Here, we see that Jesus' "quiet time" focused on prayer. But later, we will see how well Jesus knew the Bible, so I believe that our personal time with God should also include learning God's Word. Why might you think there should be a balance between praying and learning the Bible?


One thing I have really enjoyed about "The Chosen" television series is that it tries to show us the personal dynamics between Jesus and His disciples. In particular, Peter starts out as a temperamental young man who has a lot to learn about God's Word. Here is a video that just focuses on some of Peter's scenes from the first two seasons.

If you haven't watched "The Chosen", you had probably better watch at least the first couple of episodes so you know how they're developing Peter (Simon) as a character.


Anyway, remember that this is extremely early on in Simon-and-Jesus' relationship. Jesus hasn't even officially called the Twelve yet! Simon is probably amazed and excited about everything he's seen Jesus do. He wants more attention. He wants bigger things. He wants Jesus to solidify His standing in the community and build His brand.


And that's probably about right. We know that even years into Jesus' ministry, Peter is still telling Jesus that He can't die. Goodness, just think about what Peter said and did on the last night of Jesus' earthly ministry!


Simon didn't get it, and that's okay, because Jesus didn't need Simon to "get it" yet. He just needed Simon to observe and learn.


For our purposes, we see that Jesus came to preach His message to all of God's children (in this case, the Jews). And in the Great Commission (referenced above) He transferred that mission to us, expanding it to all the world.


One of my church's Sunday School teachers pointed out the similarities between this setting and Matthew 9:

35 Jesus continued going around to all the towns and villages, teaching in their synagogues, preaching the good news of the kingdom, and healing every disease and every sickness. 36 When he saw the crowds, he felt compassion for them, because they were distressed and dejected, like sheep without a shepherd. 37 Then he said to his disciples, “The harvest is abundant, but the workers are few. 38 Therefore, pray to the Lord of the harvest to send out workers into his harvest.”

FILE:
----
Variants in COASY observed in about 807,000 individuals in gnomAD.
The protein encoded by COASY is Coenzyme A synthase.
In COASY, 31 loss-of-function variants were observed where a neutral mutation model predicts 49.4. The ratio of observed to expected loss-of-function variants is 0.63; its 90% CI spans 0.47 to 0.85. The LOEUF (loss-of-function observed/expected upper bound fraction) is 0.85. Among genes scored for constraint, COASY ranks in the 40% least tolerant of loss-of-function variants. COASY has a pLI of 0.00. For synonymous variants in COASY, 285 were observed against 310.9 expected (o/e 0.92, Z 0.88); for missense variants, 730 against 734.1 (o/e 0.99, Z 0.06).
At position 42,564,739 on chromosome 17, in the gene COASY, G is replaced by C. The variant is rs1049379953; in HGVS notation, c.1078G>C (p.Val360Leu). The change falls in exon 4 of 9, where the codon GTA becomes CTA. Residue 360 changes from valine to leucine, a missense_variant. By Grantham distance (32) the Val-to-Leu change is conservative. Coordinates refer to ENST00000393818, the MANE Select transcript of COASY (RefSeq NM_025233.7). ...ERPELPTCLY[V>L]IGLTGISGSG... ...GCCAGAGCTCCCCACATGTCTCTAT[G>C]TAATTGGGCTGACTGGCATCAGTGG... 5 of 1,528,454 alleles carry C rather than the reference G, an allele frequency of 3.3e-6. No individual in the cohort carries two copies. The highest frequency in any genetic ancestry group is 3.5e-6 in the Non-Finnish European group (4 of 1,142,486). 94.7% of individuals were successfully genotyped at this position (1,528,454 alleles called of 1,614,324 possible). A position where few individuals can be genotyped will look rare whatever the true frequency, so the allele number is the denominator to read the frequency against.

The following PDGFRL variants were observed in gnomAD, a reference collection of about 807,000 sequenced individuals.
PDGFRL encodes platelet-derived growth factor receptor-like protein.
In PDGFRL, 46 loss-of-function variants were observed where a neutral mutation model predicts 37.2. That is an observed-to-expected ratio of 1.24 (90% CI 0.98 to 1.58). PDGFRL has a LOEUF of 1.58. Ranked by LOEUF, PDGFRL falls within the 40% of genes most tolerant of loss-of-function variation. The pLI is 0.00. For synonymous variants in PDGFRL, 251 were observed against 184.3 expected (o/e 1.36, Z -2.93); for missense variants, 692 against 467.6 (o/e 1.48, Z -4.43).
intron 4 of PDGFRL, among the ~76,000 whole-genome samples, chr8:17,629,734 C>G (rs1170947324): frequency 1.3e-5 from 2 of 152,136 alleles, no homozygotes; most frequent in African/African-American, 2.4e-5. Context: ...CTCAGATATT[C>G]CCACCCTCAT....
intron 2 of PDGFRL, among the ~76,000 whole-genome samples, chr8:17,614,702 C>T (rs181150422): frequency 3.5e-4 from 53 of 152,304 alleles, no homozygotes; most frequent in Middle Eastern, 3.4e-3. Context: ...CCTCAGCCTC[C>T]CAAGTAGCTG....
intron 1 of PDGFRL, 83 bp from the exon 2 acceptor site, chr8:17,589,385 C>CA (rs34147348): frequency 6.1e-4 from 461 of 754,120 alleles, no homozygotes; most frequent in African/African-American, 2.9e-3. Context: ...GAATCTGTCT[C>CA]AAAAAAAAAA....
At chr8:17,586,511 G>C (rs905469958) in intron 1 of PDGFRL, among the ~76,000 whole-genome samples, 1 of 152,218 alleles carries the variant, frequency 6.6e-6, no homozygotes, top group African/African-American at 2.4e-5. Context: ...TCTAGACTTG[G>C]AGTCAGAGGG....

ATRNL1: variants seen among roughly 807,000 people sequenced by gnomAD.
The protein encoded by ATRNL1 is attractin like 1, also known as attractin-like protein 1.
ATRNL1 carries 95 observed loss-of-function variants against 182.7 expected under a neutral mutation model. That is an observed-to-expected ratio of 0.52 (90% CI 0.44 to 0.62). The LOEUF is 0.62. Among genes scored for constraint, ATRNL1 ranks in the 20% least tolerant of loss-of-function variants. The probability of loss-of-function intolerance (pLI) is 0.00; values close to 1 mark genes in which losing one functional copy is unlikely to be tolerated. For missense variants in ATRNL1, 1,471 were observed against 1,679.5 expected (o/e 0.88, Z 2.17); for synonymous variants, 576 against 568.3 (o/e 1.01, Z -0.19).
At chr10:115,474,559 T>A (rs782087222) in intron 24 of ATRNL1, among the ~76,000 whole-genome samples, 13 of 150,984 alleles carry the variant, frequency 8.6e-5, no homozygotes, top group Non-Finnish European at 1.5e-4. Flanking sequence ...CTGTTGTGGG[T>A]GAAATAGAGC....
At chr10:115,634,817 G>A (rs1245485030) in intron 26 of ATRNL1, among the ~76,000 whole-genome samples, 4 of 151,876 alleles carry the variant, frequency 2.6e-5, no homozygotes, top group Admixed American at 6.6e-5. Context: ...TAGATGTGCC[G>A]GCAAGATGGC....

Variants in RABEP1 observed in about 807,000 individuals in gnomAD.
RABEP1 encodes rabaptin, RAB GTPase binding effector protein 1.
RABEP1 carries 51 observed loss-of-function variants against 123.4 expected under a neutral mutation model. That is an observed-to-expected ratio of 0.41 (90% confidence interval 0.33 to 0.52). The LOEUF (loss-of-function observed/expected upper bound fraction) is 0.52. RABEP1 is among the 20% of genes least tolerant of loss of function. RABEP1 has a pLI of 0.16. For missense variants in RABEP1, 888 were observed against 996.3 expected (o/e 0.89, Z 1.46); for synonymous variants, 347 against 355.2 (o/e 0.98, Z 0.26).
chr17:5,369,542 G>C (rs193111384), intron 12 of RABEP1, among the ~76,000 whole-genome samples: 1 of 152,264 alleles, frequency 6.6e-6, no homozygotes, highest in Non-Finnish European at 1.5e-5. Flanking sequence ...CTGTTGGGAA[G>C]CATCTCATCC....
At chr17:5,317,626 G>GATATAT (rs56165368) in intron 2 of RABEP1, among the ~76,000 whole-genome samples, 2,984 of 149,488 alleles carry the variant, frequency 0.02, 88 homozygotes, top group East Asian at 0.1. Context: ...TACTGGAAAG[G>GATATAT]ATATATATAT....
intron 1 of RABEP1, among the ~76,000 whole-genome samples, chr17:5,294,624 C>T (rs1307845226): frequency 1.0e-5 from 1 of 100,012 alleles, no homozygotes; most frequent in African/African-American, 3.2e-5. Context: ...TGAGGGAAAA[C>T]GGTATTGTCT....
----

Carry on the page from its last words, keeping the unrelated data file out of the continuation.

My takeaway from this is that Jesus always had this drive -- teaching and ministering to everyone around -- and He always did it with compassion (more on this below). In other words, this week's passage isn't unique in Jesus' ministry.

 

Part 2: But Always with Compassion (Mark 1:40-42)

40 Then a man with leprosy came to him and, on his knees, begged him, “If you are willing, you can make me clean.” 41 Moved with compassion, Jesus reached out his hand and touched him. “I am willing,” he told him. “Be made clean.” 42 Immediately the leprosy left him, and he was made clean.

If I can get too "busy" ministering to spend personal time with God, then you might guess that I can really have trouble with this point. In the midst of an incredibly busy and demanding schedule, Jesus still had time to take care of an individual need with compassion.


I'll throw out two questions to you, and then your brain can take over:

  • What is "compassion"?

  • What is the "Golden Rule"?

I am naturally cynical and pessimistic. Guess what I have trouble with? Compassion. Jesus always had compassion.


The leader guide does a good job setting the scene -- leprosy (which referred to any number of skin diseases) caused people to be completely ostracized from their society. Lepers could not approach non-lepers. This man's behavior was scandalous and desperate.


Go back to "Just As I Am" above -- shouldn't we all be desperate for a touch from Jesus? If we are at all moved by this man's condition, we should be equally moved by the condition of every lost person on this planet.


Yes, Jesus had compassion for this man, and He healed him of his physical condition. But Mark the author saw that Jesus used all of these physical miracles to point us to the greatest need/miracle of all -- how a sinful soul can be made right with God -- how a soul destined for hell can spend eternity instead with God.


I love, love, love the verbal exchange. Read the man's request, and read Jesus' response. Note that the man didn't doubt Jesus' capability. And hear the compassion that must have been in Jesus' tone.


This can lead into discussion (if you save time) -- what are the types of people you tend not to have compassion for and why? What would Jesus say to you about your reasoning?


Here's how we might apply these first two points: let's be laser-focused on the mission Jesus gave us, but let's also make sure we're doing the mission the way Jesus would have.

 

Part 3: Mission + Compassion = Proclamation (Mark 1:43-45)